Understanding what is in your record and how your health information is used helps you to: ensure its accuracy, better understand who, what, when, where, and why others may access your health information, and make more informed decisions when authorizing disclosure to others.
Your Health Information Rights
Although your health record is the physical property of Borland-Groover Clinic, the information belongs to you. You have the right to:
- Obtain a paper copy of this notice of information practices upon request
- Inspect and copy your health record as provided for in 45 CFR 164.524
- Amend your health record as provided in 45 CFR 164.524
- Obtain an accounting of disclosures of your health information as provided in 45 CFR 164.538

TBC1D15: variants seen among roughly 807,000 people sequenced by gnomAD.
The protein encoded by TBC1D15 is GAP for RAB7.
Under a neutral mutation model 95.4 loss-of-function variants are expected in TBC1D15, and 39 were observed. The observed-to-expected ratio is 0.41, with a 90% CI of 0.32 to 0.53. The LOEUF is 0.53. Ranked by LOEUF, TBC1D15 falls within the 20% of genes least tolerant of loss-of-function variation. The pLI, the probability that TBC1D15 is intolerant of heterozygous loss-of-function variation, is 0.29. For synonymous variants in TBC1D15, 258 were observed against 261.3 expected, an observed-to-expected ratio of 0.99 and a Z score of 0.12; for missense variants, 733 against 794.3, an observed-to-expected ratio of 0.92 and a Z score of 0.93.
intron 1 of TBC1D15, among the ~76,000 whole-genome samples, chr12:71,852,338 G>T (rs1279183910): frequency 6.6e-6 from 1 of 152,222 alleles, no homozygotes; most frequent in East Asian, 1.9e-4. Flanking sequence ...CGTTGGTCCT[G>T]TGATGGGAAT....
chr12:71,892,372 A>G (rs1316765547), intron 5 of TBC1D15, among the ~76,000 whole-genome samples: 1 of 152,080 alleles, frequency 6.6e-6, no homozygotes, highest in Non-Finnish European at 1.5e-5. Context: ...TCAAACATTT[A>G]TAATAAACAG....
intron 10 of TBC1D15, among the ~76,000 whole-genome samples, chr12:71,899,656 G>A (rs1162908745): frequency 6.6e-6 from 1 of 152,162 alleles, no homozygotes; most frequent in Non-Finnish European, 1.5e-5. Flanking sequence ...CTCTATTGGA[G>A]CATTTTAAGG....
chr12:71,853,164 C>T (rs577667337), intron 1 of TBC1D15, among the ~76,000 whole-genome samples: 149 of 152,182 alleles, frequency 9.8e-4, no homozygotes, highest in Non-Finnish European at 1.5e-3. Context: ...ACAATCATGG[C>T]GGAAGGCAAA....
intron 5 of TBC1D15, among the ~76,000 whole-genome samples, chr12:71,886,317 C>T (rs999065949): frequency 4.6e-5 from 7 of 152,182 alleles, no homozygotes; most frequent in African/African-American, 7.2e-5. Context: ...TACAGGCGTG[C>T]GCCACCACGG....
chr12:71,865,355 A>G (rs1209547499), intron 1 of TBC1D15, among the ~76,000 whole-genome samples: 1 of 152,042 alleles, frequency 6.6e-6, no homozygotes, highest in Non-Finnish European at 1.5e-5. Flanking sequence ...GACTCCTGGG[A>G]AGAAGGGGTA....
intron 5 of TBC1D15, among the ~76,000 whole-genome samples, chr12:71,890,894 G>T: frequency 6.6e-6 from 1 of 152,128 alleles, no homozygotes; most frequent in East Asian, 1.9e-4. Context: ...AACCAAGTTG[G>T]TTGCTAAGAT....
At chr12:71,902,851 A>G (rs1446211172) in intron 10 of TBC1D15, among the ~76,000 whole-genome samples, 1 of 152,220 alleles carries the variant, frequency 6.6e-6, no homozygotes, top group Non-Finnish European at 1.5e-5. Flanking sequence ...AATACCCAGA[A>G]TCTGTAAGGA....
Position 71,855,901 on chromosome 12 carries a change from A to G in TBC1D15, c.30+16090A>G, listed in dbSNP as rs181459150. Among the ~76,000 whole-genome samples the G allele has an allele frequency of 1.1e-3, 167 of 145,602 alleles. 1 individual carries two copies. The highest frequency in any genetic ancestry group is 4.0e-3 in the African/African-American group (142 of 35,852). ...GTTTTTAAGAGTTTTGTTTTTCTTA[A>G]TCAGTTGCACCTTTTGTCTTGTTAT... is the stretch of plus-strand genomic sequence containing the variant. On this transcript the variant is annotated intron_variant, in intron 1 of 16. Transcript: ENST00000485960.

- Request communications of your health information by alternative means or at alternative locations
- Request a restriction on certain uses and disclosures of your information as provided by 45 CFR 164.522
- Revoke your authorization to use or disclose health information except to the extent that action has already been taken
Borland-Groover Clinic is required to:
- Maintain the privacy of your health information
- Provide you with this notice as to our legal duties and privacy practices with respect to information we collect and maintain about you
- Abide by the terms of this notice
- Accommodate reasonable requests you may have to communicate health information by alternative means or at alternative locations
We reserve the right to change our practices and to make new provisions effective for all protected health information we maintain. Should our information practice change, we will mail a revised notice to the address you’ve supplied us, or if you agree, we will mail the revised notice to you.